#15 Osgood Farm, 116 Osgood Rd., Andover
Historic farm started as half a house
In 1699, Hannah Blanchard married Stephen Osgood. Her father gave this land and his father gave the money for their first house. Originally it was only half a house, two rooms up and down, and a staircase. The door with the triangular pediment, and the part of the house to its left in this photo, are that original house.
Thirty years later, Hannah and Stephen's second son, Issac, inherited the farm. A captain in the French and Indian War, he wore a wig to remind people of this status. So in 1739, when he enlarged the house, he embellished it with both a triangular and a half-round pediment over the doors, and cornices (hoods) over the large windows. His expansion was really just the usual center chimney house set against the existing structure. The hip roof, not common in that day, was built to accommodate the intersecting roofs.
The original house had faced west, sited to the south of the road and highly unusual for those times. One theory is that the house may have been sited this way in order to stand over the well, which is still located under the floor in the dining room. There also appears to have been a door on the north side of the house toward the road. With the 1739 addition, the house faced west and south, with a view across the creek (which circles the knoll and winds over the meadows). But the visitor approaching down Osgood Street from Andover comes awkwardly to the back of the house.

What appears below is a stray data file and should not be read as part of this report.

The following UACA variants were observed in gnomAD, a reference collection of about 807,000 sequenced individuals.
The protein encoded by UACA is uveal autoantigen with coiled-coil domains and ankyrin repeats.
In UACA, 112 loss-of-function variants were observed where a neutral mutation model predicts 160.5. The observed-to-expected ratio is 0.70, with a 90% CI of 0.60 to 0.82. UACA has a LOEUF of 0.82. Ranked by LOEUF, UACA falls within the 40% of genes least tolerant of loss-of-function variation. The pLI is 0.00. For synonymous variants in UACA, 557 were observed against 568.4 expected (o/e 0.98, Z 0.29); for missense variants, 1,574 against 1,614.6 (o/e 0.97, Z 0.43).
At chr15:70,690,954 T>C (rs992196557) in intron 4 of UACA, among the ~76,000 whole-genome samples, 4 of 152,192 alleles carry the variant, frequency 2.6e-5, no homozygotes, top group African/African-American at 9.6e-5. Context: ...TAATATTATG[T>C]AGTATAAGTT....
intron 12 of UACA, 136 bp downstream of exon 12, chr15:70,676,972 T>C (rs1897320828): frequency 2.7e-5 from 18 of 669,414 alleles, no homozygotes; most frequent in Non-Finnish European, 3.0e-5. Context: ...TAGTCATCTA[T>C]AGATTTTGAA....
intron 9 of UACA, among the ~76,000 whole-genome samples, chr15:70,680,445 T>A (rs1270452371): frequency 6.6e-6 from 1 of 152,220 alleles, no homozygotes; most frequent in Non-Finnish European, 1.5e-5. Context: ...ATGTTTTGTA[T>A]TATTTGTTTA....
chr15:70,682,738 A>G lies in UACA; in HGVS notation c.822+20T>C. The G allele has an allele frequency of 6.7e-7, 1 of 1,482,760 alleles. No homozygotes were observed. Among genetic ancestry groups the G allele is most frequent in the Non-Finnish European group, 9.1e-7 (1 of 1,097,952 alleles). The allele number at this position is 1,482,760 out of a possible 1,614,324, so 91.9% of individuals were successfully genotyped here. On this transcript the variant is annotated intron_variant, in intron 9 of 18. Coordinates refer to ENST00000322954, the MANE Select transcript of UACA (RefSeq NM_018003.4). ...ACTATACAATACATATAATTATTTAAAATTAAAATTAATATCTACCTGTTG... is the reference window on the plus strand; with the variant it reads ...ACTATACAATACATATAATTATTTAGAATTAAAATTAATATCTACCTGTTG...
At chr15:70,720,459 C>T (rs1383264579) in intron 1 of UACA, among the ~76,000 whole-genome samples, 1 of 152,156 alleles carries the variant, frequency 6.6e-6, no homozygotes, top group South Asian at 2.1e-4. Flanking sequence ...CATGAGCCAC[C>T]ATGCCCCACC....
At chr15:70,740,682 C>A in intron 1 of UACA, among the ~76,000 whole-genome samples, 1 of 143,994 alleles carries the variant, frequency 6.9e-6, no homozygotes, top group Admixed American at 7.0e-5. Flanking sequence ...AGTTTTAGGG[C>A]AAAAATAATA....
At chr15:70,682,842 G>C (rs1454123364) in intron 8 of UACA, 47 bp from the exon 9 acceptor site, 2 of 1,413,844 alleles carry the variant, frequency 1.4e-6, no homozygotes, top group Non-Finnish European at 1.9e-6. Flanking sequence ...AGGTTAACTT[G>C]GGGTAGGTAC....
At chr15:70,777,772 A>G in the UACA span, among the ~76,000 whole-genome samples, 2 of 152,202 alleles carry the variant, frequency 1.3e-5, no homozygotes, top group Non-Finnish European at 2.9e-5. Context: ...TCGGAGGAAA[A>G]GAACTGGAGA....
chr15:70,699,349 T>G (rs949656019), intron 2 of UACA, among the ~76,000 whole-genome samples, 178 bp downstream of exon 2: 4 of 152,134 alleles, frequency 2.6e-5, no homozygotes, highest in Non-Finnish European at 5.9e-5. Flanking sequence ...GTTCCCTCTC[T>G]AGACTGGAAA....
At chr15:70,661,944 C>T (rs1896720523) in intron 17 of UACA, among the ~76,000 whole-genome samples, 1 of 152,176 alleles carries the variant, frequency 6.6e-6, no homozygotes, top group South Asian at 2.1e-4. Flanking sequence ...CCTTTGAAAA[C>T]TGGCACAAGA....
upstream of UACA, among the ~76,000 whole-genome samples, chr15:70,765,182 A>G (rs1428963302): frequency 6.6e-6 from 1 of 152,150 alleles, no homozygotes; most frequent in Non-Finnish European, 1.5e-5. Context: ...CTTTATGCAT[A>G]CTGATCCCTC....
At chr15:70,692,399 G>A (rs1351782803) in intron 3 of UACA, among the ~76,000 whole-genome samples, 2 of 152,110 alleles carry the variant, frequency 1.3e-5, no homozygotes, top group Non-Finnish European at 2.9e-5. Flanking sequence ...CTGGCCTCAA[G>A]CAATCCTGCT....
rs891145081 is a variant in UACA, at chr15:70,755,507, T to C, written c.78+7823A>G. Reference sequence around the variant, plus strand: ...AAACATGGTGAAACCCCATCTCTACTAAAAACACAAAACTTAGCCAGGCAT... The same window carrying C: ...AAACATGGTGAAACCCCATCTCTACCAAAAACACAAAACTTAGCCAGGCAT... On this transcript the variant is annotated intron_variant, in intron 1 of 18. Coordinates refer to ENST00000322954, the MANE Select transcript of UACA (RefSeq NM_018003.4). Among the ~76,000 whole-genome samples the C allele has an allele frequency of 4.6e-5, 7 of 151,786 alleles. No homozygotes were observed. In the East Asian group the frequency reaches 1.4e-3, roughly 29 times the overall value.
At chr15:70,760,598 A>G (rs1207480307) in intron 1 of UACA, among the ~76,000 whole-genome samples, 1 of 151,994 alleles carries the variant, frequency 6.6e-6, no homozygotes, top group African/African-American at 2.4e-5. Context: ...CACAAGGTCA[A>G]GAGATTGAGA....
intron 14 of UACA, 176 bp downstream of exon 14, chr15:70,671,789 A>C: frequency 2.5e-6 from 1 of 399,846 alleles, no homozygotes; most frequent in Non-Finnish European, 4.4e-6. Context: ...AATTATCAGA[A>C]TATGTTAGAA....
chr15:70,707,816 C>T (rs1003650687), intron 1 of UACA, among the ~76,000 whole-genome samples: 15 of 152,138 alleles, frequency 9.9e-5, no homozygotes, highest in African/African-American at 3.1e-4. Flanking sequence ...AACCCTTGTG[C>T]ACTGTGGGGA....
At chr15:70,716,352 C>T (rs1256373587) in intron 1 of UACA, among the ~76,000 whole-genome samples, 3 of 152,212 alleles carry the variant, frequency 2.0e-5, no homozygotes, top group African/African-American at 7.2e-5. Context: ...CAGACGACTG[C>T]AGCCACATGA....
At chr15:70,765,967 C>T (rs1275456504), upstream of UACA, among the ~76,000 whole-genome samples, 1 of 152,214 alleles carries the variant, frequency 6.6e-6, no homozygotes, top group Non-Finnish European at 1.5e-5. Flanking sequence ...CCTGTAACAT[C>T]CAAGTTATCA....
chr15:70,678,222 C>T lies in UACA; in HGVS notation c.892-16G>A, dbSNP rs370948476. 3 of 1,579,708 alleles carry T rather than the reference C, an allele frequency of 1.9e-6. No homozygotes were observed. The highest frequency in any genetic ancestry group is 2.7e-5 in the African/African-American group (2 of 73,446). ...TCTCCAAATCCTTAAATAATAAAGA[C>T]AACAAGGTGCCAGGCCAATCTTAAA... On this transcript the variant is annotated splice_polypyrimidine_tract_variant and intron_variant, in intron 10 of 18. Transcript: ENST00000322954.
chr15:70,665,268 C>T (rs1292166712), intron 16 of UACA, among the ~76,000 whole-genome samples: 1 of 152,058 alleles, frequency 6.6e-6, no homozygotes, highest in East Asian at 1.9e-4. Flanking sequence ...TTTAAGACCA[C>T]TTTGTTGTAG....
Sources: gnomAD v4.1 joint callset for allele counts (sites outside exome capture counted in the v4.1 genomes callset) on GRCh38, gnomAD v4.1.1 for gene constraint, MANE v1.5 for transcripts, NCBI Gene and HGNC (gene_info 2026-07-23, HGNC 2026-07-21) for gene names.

Note that the two maple trees in the photograph will leaf out and shield the house from summer sun - shutters were also added in the 1900s. Since this photograph was taken, sometime in the late 1800's the house suffered a serious fire that destroyed the front door with its curved pediment. The scarred beams are still there.
Here's an interesting bit of trivia about the house - Jacob Osgood, son of Issac, invited James Otis, Revolutionary orator and lawyer, to convalesce at his home after a head injury. Mr. Otis lived there for two years and taught school. He was killed by lightening on May 23, 1783, while standing in the front door.